I like James, but this novel was very wordy and oft confusing. I found myself skipping over sentences trying to get on with the plot.
From the British master of crime, another impossible-to-put-down murder mystery.
1975 paperback - yellowed pages
Adam Dalgliesh investigates a series of seemingly unrelated murders
PD James is a master, and this is a good, but not excellent example of her craft. Dagliesh pursues a murder case as a private citizen, with little evidence that there has, in fact, been a murder. Entertaining.
Although a bit slow to get into, it soon became an absorbing read. Commander Adam Dalgliesh investigates the death of an old friend who asks to see him, but dies before Dalgliesh arrives.
#5 Commander Adam Dalgliesh mystery. Dalgliesh is recovering from a bout of mononucleosis (at first thought to be leukemia) when he receives a letter from Father Baddeley, an old friend of his father's who asks to see him on a 'professional' matter. He lives at Hope Cottage near the sea and near a privately run care facility for young disabled people called Toynton Grange, and when Adam arrives, he finds that Fr. Baddeley died ten days previously.
Of course he's suspicious at first about the death--although the priest had only just returned from hospital after having a heart attack--and he sets out to find what it was that he'd been summoned about. While there, he learns of the presumed suicide of a patient a few days previous to the priest's death and meets a whole cast of strange characters--patients, medical professionals, caretakers and other hangers-on. Something just doesn't set right and more deaths ensue before Dalgliesh can figure out how they all tie together, as of course they must do.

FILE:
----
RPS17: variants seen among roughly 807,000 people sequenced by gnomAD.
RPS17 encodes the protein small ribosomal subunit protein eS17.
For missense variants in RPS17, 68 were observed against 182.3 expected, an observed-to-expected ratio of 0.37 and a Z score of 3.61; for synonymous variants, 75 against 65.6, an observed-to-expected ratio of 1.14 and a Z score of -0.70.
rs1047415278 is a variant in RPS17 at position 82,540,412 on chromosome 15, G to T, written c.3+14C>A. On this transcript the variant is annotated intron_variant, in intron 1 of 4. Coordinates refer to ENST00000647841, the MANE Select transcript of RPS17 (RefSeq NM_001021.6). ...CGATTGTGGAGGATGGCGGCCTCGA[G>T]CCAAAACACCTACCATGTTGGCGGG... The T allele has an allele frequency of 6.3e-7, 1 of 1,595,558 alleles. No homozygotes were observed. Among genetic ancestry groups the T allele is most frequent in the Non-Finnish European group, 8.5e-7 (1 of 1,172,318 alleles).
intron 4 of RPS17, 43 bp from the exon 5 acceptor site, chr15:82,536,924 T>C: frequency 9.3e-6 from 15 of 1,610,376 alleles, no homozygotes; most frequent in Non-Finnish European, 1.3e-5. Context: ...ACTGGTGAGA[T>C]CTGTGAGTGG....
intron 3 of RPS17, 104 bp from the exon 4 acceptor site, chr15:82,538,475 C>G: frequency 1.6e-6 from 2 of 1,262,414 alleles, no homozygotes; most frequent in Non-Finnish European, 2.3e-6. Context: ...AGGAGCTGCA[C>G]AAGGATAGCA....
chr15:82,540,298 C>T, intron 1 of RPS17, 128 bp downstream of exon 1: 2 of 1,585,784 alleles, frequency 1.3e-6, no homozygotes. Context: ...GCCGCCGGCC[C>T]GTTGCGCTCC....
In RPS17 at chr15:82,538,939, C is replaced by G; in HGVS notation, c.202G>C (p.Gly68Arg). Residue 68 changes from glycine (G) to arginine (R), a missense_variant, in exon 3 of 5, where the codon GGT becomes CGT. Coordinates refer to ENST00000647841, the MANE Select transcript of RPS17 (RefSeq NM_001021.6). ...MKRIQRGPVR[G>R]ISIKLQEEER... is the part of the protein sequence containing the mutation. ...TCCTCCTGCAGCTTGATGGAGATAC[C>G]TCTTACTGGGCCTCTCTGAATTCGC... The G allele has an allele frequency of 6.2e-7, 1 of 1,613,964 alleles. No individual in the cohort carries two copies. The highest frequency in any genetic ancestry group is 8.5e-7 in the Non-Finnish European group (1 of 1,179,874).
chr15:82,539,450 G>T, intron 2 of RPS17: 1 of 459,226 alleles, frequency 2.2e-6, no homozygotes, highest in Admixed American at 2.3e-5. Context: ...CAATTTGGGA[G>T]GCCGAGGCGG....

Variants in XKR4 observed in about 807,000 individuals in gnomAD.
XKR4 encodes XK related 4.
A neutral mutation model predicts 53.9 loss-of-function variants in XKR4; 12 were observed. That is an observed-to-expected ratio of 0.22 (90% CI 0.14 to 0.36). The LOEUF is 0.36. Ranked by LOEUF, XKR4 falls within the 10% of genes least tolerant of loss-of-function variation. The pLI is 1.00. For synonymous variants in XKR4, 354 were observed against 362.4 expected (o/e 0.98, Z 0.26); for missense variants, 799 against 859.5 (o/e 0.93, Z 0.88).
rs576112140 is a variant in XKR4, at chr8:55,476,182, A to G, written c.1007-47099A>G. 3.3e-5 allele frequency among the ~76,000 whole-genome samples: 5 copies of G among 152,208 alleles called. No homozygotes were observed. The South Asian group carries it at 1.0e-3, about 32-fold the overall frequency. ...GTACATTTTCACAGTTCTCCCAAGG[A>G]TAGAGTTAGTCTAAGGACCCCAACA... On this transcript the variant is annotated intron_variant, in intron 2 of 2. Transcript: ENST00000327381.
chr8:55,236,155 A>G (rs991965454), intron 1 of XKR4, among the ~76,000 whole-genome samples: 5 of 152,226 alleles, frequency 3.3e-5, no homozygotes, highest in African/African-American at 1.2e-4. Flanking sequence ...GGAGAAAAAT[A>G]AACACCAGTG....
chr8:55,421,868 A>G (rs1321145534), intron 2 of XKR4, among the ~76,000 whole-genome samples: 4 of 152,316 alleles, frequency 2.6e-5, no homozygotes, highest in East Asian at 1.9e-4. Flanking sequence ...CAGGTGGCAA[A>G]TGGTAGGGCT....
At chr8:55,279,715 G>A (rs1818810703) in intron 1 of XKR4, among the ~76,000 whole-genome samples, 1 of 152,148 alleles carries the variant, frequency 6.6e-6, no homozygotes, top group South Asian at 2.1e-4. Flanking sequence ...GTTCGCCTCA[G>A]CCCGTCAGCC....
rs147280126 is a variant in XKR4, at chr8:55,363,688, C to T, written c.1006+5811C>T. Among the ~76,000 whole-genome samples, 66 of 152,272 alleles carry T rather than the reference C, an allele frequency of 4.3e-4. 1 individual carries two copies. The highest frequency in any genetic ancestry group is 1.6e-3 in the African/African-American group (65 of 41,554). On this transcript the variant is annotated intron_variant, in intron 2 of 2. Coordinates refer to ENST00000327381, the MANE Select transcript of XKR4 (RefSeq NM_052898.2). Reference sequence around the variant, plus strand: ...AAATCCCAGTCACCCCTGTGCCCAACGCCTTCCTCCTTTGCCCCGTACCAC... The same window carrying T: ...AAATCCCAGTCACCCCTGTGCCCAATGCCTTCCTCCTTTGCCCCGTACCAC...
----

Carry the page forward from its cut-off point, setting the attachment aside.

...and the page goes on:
I enjoyed the atmospheric setting of this mystery, but it had altogether too many peripheral characters to try to keep straight, and sometimes things happened that just seemed bizarre until I remember that the book was written in the '70's and it's most likely accurate for the place and time. As usual, the plot is the strong suit in James' novels, but her characterizations have definitely improved from the first book in this series.
THE BLACK TOWER, a profoundly bleak novel set in an isolated home for "the young disabled," a euphemistic term for victims of slowly progressing but ultimately fatal muscular disease.
The story begins when Inspector Dalgliesh, himself recovering from both a serious illness and a crisis of confidence, is invited to Toynton Grange by the home's elderly chaplin; something is amiss, and the chaplin would welcome Dalgliesh's advice. But when Dalgliesh arrives, he finds his old friend has died a few days earlier. With little to go on except his own suspicion, Dalgliesh slowly, grudingly begins to investigate... and finds one suspicious death after another.
Always a favorite! Had me fooled til the end! As usual!!
The front cover of this book is different than that shown by PBS. This is another one of P.D. James' unmatchable mysteries. The first victim was a priest without an enemy. The second victim, a monster of a man who spread hate wherever he went. The third corpse was that of a sweet spinster who was the soul of living kindness; the next, a deductive temptress who was the embodiment of sensual lust. Adam Dalgliesh knew that unless he could find the hidden pattern in this seemingly senseless series of slayings, the nightmare of death would go on and on.